The Lower Unaka Mountains and The Cherohala Skyway
Though geographically known as the Lower Unaka Mountains, this mountainous area is locally known as the Unicoi Mountain Wilderness. The grand engineering of the Cherohala Skyway transverses the entire width of the Unicoi Mountains from east to west, following the Unicoi Crest over its very heights. The Lower Unaka Mountains consist of 304,000-acres within two national forests, Tennessee’s Cherokee National Forest and North Carolina’s Nantahala National Forest. The name Cherohala comes from combing the two national forest names. These forests have mountains summits and balds ranging just under 6,000-feet above sea level. The Unicoi Mountains are a vast wilderness so isolated that it was nearly forgotten.
After the logging companies had their way with large portions of this mountain range in the late 1800’s and early 1900’s, the federal government bought the land and reforested the then government owned property. The forest service controlled the resources returning it back to the wilderness it was meant to be. Rough primitive roads are all that existed throughout the Unicoi Mountains Wilderness at that time. Until the very end of the modern 20th century, the Lower Unaka’s remained a massive land block between southeastern Tennessee and far western North Carolina.
In 1958 a plan took root by the Tellico Plains Kiwanis Club (located in the town of Tellico Plains in Monroe County Tennessee,) to begin an annual wagon train trip starting out from Tellico Plains. The wagon train would follow old and mostly abandon logging and forestry roads through the forbidding Unicoi Mountain Wilderness and into Cherokee County, North Carolina. This annual wagon train trip would include many participants traversing over 50-miles of tough terrain. The experience and the beauty these teamsters and their companions encountered each year inspired the Kiwanis Club members to petition for a scenic highway that would directly connect Tellico Plains with the mountain communities of North Carolina.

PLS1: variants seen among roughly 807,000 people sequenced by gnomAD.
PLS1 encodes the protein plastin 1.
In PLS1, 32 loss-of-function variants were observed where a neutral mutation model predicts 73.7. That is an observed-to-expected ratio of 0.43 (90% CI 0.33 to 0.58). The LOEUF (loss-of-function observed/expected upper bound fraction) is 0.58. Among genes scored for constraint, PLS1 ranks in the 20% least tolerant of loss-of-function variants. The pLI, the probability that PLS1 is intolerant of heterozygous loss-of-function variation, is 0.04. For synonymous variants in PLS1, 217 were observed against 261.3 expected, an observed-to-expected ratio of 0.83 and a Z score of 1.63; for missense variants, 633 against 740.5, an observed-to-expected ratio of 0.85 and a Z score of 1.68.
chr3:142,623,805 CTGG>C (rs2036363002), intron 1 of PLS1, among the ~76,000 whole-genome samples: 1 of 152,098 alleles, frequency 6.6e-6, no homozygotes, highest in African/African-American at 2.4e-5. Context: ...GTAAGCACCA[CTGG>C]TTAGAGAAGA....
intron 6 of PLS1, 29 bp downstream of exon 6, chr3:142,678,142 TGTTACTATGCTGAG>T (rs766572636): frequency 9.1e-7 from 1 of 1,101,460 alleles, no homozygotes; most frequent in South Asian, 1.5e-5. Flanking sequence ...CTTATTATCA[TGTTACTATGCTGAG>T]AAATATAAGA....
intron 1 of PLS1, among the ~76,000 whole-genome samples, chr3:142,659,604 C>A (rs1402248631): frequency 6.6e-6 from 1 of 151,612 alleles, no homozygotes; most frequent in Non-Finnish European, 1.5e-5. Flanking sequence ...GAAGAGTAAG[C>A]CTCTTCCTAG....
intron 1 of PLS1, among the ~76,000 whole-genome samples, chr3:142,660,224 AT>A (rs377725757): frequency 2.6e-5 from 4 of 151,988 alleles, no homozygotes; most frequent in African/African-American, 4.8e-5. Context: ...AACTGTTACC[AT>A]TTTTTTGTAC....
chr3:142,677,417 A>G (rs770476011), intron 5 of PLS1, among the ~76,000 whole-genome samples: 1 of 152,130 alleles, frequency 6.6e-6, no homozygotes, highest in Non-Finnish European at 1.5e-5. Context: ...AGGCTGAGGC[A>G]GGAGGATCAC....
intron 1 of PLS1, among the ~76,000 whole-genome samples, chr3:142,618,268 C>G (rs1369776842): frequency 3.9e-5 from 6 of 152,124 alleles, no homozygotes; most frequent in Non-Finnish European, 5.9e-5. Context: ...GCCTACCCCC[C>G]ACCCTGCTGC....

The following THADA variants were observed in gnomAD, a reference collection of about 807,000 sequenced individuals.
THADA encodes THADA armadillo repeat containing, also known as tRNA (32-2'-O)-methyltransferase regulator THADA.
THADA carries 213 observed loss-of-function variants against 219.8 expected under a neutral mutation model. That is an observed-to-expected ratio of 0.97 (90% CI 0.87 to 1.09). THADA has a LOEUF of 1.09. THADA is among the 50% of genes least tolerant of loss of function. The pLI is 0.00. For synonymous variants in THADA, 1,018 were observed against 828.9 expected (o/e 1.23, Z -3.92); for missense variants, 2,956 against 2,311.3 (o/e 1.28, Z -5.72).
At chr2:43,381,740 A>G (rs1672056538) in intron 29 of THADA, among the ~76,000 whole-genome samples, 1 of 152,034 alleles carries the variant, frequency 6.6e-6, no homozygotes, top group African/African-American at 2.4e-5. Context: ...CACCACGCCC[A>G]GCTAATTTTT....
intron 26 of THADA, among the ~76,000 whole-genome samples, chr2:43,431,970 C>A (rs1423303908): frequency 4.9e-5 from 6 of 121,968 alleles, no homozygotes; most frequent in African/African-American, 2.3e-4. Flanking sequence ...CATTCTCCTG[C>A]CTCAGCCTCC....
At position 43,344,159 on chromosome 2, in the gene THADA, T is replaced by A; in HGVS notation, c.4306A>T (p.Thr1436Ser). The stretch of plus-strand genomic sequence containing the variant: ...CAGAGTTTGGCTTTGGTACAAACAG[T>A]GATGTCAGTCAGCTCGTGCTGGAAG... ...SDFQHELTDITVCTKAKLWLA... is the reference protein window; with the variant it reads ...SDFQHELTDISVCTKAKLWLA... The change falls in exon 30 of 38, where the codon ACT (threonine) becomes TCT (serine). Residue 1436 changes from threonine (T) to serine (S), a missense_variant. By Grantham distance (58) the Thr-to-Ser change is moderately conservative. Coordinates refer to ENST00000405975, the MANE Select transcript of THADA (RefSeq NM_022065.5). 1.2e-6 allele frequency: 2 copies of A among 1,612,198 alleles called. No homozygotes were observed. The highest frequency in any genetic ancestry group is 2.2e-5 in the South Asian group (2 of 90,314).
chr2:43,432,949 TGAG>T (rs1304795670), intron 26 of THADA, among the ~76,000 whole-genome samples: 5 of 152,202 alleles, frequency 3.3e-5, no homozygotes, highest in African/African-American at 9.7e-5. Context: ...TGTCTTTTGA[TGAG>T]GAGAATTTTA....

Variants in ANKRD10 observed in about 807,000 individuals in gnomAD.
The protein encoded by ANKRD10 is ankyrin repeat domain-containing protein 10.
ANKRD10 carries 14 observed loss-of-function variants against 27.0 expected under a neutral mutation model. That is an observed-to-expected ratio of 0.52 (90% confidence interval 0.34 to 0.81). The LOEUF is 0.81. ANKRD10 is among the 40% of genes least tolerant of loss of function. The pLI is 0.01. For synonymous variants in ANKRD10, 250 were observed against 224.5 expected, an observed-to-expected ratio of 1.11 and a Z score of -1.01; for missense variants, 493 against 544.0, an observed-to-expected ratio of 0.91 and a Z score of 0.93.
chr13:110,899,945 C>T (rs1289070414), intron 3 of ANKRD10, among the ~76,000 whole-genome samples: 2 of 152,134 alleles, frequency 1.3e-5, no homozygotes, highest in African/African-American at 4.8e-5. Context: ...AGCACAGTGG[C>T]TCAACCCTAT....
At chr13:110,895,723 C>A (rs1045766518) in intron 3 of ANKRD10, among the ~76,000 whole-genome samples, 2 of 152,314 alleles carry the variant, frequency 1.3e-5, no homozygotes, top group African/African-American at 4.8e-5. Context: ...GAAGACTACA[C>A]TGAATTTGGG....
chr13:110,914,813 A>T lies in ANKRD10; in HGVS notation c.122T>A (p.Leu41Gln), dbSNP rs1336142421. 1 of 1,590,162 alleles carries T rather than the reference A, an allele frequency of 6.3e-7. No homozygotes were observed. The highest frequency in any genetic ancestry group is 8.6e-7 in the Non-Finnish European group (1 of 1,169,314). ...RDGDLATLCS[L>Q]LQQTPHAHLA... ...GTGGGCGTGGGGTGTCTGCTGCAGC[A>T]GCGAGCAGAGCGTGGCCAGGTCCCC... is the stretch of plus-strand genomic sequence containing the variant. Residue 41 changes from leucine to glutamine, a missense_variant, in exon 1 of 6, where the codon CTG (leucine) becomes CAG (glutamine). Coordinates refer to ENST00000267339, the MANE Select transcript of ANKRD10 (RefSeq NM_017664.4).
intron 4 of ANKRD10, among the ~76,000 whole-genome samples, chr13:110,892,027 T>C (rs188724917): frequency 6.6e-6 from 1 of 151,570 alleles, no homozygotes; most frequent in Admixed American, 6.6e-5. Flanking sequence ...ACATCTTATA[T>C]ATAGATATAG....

The route that congress approved in 1962 would follow the Unicoi Crest from Tellico Plains, Tennessee to Robbinsville, North Carolina. Forty years of highway construction slowly cut its way through the wilderness of the federally owned lands, scaling great heights, creating an engineering marvel that rightfully compares itself to the Blue Ridge Parkway and Newfound Gap Road in the Great Smoky Mountains.
The Cherohala Skyway opened its highway to the sky in October 1996 and is one of 20 Federal Highway Administration’s Scenic Byways. The byway itself reaches an elevation of 5,390 feet and the views are spectacular from floor to ceiling.
Although very enjoyable, the mountains can be a driving challenge to a flatlander (no offense), to help you with your new venture, take a look at our driving tips
Interested in your business being on the Highlander, click here...
Let our visitors tell you about the Highlander...
Click the feathers to go to the Highlander site
The Blue Ridge Highlander logo, all photography, design, graphics, artwork,
writing, digital images, etc are the Copyright ©
of C. Wayne Dukes and Sherry Bell Dukes. 1996 - 2014, except where otherwise
stated. All rights reserved, reproduction,
duplication of any sort is strictly prohibited, all violations will be prosecuted. Legal Policy
you have any questions, or comments, regarding this site, e-mail the Highlander